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Chapter Nine of “Where the Salmon Run” written by Trova Heffernan and sponsored by Washington Secretary of State Sam Reed.
Chapter Nine | The Shelf Life of Treaties
The battle over Indian fishing rights appeared interminable in 1973, an assembly line of expensive court cases that had cycled through the American justice system for decades. The state sued Indians. Indians sued the state. A lot of Native fishermen went to jail. The United States Supreme Court had first taken up treaty fishing rights nearly seventy years earlier, in 1905, before most Indians were American citizens. Theodore Roosevelt sat in the White House then, and Albert Einstein had proposed the theory of relativity.
In 1973, treaties brought the U.S., Indian tribes, and the state of Washington back to court, yet again. The judge would decide what Indian ancestors understood when they ceded land to the nation in the 1850s.
U.S. v. Washington brought immediate and long-term ramifications. Washington Indian tribes had everything to lose, and everything to gain. A tribal victory would peacefully return an Indian to the river and put salmon back on the table. Native Americans could practice their heritage. A tribal loss would threaten livelihoods and eventually customs. To Billy, no court damages awarded to the tribes could make up for the loss of the salmon. While no one would catch the last fish in Billy’s lifetime, he worried about future generations, when a great-great-great-grandchild learned how tribal fishermen had fought for a species of salmon gone extinct.
The state concluded it was carrying out the laws, and spent more time arresting Indian fishermen and managing court documents than protecting fish. Arguing that Indians should share the same offreservation rights, privileges, and restrictions as their fellow citizens, Washington maintained controls were necessary to preserve the Pacific salmon for the future.
As attorney Stan Pitkin put it, tribal fishermen were in dire need of a “case to end all cases.” On the face of it, U.S. v. Washington was that case. In February 1971, Stuart Pierson, an assistant U.S. attorney, arrived in Washington to take the case: “Bob Satiacum had done his thing and continued to do his thing. A lot of people were getting shot at and Stan Pitkin [U.S. attorney] said, ‘We need to do something to stop this.’”
“The Nisquallys didn’t have to go in and say this is Nisqually Tribe against Washington,” points out Charles Wilkinson, an attorney and scholar of Indian law. “This is the goddamn United States of America.”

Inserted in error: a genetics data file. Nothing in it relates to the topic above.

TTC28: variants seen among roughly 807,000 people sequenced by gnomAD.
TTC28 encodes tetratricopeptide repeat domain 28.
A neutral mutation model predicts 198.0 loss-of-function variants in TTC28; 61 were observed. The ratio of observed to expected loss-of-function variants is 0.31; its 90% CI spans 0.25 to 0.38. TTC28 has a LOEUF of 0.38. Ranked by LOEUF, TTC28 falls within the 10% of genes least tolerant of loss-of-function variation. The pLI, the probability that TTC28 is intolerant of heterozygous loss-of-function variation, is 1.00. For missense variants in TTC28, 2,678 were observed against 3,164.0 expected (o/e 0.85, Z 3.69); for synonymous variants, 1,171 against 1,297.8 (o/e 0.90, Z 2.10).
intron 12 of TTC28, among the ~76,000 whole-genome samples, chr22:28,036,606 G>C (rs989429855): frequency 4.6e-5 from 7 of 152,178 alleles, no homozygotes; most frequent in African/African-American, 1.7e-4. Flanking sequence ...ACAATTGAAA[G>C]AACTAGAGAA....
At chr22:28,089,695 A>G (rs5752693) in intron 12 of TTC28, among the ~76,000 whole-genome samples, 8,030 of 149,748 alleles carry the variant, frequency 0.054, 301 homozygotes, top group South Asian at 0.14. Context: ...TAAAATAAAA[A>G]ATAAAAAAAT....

Concerned about a lack of communication between the tribes and their counsel, however, the Survival of the American Indian Association sent a letter to the U.S. attorney general arguing that the federal government could not adequately “represent the rights and legitimate interests of the affected tribes.” Instead of establishing special regulations for tribes in “usual and accustomed places,” Survival contested, the state should be prohibited from regulating them at all. Hank Adams raised concerns that federal lawyers were marching ahead in their representation without meeting face-to-face with Indian tribes: “If this lawsuit proceeds with the United States adhering to the positions that it presently maintains, unwarranted and grievous injury shall be done to these valuable treaty rights.”
The judge signed the pre-trial order, and “the case to end all cases” moved forward after all.
The judge had neither Indian blood nor a deep background in Indian law. The presiding judge in U.S. v. Washington was George Hugo Boldt, a Caucasian notable for spectacles with thick dark frames, a bow tie, and a distinguished, judge-like face. Boldt was an Eisenhower appointee to the bench. Earlier in his career, as deputy attorney general, he had represented the state when the Tacoma Narrows Bridge collapsed and tumbled into Puget Sound on November 7, 1940. As a federal judge, he put away imposing figures like tax evaders Mickey Cohen and Dave Beck. It was Boldt who tried the case of the infamous “Seattle Seven” in November 1970. When the defendants, charged with conspiring to damage a federal courthouse, caused a scene and stormed out of Boldt’s courtroom, the judge declared a mistrial and held them in contempt of court. Boldt refused to grant bail.